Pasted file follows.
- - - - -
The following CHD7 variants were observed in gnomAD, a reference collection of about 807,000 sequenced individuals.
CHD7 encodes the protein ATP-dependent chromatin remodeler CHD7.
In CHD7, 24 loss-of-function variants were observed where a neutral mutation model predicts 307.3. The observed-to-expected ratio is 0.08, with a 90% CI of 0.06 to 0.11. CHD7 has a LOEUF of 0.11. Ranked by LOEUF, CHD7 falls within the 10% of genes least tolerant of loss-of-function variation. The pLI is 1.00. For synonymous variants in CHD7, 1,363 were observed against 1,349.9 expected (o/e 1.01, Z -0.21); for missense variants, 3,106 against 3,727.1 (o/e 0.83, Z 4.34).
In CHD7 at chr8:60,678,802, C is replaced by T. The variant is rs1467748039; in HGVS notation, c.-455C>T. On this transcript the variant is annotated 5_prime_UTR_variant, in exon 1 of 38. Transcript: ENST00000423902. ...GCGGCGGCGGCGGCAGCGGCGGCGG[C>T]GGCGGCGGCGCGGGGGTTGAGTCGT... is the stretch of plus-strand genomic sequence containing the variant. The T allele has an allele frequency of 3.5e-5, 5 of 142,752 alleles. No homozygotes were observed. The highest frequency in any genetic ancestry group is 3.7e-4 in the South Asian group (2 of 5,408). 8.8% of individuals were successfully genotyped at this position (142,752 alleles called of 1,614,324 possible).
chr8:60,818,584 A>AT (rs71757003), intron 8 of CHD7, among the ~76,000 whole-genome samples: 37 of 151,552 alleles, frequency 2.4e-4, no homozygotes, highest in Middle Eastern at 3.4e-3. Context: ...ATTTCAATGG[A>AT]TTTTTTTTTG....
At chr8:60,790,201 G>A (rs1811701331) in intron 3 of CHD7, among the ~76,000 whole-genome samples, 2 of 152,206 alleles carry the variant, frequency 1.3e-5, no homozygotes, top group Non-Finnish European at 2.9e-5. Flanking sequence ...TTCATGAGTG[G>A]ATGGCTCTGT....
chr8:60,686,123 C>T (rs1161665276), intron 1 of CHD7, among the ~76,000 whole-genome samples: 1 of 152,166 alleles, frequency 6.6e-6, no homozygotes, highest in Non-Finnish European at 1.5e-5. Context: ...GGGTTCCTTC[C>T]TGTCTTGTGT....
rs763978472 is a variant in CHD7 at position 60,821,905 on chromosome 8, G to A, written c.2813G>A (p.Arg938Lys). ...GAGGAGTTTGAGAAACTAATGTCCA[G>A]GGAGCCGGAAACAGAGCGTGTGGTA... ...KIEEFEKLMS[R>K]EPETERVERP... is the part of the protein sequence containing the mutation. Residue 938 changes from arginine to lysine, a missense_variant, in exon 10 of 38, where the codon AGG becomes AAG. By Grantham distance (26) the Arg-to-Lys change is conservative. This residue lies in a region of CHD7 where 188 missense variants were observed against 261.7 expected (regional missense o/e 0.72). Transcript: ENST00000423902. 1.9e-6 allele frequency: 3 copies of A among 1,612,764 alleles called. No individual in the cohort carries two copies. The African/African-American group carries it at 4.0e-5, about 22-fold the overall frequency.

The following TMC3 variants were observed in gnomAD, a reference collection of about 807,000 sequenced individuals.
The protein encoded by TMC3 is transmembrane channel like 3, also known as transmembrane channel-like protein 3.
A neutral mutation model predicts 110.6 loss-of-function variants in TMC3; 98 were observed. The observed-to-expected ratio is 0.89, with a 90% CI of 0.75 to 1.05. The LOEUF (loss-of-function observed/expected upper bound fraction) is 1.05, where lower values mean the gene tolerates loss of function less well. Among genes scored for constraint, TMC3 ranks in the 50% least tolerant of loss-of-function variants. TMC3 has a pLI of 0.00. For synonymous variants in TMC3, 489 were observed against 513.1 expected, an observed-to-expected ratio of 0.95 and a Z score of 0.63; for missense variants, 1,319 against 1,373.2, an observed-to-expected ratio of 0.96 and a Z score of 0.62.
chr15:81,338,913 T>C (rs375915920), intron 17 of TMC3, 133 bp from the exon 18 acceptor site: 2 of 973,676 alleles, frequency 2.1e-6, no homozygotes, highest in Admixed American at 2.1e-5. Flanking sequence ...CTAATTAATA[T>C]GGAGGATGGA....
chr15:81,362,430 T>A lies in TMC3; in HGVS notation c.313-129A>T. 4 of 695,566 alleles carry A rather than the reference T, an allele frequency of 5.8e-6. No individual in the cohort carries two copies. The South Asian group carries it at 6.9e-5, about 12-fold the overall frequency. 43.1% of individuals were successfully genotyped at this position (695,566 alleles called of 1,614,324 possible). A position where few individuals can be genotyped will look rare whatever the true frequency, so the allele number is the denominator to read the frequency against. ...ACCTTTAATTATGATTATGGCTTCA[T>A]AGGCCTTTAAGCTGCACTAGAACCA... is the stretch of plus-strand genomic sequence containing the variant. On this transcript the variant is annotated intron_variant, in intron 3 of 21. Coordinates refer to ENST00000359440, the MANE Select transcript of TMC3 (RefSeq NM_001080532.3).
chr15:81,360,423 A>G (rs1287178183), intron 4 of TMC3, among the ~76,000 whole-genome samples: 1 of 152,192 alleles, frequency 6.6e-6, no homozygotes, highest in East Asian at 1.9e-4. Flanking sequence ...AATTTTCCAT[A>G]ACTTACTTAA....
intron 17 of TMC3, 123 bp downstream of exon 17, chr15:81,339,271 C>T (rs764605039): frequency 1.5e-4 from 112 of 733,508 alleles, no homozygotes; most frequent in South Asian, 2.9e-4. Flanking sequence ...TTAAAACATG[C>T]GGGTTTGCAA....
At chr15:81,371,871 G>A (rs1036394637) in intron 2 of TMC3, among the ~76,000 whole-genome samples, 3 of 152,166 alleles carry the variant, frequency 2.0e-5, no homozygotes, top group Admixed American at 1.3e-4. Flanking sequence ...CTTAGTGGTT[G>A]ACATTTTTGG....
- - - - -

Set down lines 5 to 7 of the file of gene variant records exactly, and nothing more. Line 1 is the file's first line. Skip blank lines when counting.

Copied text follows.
chr8:60,818,584 A>AT (rs71757003), intron 8 of CHD7, among the ~76,000 whole-genome samples: 37 of 151,552 alleles, frequency 2.4e-4, no homozygotes, highest in Middle Eastern at 3.4e-3. Context: ...ATTTCAATGG[A>AT]TTTTTTTTTG....
At chr8:60,790,201 G>A (rs1811701331) in intron 3 of CHD7, among the ~76,000 whole-genome samples, 2 of 152,206 alleles carry the variant, frequency 1.3e-5, no homozygotes, top group Non-Finnish European at 2.9e-5. Flanking sequence ...TTCATGAGTG[G>A]ATGGCTCTGT....
chr8:60,686,123 C>T (rs1161665276), intron 1 of CHD7, among the ~76,000 whole-genome samples: 1 of 152,166 alleles, frequency 6.6e-6, no homozygotes, highest in Non-Finnish European at 1.5e-5. Context: ...GGGTTCCTTC[C>T]TGTCTTGTGT....